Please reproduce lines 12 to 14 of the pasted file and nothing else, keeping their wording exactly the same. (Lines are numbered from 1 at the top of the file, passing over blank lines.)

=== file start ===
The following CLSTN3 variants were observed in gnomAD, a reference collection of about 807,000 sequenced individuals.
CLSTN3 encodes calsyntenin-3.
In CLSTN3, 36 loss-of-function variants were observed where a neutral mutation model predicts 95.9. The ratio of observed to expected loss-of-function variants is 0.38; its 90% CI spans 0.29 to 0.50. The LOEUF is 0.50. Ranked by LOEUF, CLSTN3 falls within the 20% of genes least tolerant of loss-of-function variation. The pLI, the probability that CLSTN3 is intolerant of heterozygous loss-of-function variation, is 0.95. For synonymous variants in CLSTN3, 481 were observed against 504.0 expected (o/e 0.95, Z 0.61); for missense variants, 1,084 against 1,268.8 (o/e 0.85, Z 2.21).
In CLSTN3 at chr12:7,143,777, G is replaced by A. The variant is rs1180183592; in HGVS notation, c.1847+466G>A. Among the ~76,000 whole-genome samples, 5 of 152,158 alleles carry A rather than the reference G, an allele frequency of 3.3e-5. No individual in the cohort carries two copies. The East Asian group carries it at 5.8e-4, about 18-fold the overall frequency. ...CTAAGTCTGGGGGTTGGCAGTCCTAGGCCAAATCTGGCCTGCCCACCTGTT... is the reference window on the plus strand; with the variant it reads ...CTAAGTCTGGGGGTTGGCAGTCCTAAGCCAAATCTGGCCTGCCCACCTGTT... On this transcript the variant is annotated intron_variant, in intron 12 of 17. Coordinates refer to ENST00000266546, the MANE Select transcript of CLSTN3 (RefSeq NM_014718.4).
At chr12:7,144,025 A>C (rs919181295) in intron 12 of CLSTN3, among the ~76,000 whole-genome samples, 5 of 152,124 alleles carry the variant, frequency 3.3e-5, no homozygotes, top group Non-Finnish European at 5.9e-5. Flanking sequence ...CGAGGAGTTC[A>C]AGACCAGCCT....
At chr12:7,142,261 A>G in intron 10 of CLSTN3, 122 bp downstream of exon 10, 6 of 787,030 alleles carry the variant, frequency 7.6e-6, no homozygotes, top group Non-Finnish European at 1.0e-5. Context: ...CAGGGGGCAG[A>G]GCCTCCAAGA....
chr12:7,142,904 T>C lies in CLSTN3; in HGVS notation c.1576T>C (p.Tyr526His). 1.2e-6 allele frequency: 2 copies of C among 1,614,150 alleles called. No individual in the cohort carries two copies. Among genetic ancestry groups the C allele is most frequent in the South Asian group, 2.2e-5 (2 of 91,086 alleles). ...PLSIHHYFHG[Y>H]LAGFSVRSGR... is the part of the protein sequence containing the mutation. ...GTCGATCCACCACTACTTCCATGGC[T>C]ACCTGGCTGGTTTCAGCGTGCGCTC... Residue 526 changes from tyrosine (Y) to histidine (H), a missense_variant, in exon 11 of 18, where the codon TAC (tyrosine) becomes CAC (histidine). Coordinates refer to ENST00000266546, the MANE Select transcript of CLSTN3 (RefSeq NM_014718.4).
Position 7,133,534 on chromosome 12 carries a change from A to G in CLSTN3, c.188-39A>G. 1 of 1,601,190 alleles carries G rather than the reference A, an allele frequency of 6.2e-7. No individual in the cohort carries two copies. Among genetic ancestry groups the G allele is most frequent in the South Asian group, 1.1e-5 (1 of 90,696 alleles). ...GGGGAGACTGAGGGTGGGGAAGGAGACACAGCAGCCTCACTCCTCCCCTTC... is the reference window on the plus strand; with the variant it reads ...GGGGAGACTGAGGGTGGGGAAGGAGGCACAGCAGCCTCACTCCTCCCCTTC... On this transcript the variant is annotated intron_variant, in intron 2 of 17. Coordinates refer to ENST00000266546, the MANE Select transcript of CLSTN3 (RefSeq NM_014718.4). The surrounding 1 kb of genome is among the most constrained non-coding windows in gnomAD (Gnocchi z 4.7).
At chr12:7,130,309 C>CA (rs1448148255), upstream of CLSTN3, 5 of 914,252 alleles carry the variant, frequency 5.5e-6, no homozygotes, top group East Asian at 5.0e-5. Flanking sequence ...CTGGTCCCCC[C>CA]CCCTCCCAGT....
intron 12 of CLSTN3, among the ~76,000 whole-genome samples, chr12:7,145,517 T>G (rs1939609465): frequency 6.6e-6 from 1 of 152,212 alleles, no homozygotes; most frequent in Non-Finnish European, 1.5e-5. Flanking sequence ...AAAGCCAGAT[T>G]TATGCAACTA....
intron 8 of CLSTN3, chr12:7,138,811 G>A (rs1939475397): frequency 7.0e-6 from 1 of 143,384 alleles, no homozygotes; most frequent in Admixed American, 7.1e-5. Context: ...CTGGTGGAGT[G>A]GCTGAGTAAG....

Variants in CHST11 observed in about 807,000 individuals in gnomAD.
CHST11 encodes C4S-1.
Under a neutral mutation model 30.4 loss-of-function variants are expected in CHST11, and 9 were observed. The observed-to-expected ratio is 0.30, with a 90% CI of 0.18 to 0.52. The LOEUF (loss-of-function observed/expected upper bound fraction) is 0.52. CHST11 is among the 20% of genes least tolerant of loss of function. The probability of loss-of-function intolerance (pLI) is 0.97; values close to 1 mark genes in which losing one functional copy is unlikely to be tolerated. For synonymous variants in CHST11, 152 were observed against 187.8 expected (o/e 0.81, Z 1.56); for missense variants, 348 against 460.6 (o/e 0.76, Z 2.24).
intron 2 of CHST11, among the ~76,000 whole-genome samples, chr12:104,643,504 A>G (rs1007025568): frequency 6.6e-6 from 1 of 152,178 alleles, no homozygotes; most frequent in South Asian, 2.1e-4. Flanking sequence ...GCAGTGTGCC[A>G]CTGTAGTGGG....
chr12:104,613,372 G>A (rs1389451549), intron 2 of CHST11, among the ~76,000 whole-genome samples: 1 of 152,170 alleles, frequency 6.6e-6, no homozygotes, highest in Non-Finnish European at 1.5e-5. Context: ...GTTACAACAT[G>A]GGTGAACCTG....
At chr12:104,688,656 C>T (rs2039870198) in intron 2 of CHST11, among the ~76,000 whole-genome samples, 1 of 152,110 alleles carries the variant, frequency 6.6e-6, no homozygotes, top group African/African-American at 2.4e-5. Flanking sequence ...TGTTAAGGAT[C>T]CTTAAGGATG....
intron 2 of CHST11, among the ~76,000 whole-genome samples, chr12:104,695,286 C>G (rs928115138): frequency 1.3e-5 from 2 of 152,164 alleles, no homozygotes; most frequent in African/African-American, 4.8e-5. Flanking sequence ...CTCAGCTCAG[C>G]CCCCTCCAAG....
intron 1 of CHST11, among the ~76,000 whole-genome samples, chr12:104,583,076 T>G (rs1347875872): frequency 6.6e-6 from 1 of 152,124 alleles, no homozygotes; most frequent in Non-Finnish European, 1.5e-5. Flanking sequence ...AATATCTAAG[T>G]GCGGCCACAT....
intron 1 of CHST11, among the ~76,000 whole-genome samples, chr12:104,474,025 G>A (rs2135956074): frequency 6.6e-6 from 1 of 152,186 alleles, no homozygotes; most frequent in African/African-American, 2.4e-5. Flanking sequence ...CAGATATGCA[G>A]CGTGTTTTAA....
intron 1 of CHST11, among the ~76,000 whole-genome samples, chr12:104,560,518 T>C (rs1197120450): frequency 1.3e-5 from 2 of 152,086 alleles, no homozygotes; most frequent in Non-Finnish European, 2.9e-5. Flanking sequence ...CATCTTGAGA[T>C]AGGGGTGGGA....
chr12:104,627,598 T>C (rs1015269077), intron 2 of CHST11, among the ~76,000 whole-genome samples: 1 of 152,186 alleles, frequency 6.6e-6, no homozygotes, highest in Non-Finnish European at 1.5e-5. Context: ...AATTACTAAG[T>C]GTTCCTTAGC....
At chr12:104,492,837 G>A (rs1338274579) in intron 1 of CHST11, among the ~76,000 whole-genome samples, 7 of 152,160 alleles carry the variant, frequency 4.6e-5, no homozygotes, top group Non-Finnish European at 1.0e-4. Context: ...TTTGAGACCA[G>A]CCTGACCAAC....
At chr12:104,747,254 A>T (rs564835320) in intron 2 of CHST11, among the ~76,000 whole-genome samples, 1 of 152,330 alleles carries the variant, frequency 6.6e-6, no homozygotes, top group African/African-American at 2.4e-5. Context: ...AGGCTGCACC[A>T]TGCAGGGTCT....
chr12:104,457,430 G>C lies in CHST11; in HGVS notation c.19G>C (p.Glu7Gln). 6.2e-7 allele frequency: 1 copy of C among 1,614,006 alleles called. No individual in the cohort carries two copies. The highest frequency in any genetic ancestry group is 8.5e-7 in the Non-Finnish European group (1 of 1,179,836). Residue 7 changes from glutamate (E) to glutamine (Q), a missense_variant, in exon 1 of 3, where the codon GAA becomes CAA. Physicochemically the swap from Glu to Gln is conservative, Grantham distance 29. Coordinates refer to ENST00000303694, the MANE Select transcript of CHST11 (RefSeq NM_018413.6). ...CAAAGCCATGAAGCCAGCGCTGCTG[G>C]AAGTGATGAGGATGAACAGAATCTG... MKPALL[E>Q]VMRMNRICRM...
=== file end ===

Variants in CHST11 observed in about 807,000 individuals in gnomAD.
CHST11 encodes C4S-1.
Under a neutral mutation model 30.4 loss-of-function variants are expected in CHST11, and 9 were observed. The observed-to-expected ratio is 0.30, with a 90% CI of 0.18 to 0.52. The LOEUF (loss-of-function observed/expected upper bound fraction) is 0.52. CHST11 is among the 20% of genes least tolerant of loss of function. The probability of loss-of-function intolerance (pLI) is 0.97; values close to 1 mark genes in which losing one functional copy is unlikely to be tolerated. For synonymous variants in CHST11, 152 were observed against 187.8 expected (o/e 0.81, Z 1.56); for missense variants, 348 against 460.6 (o/e 0.76, Z 2.24).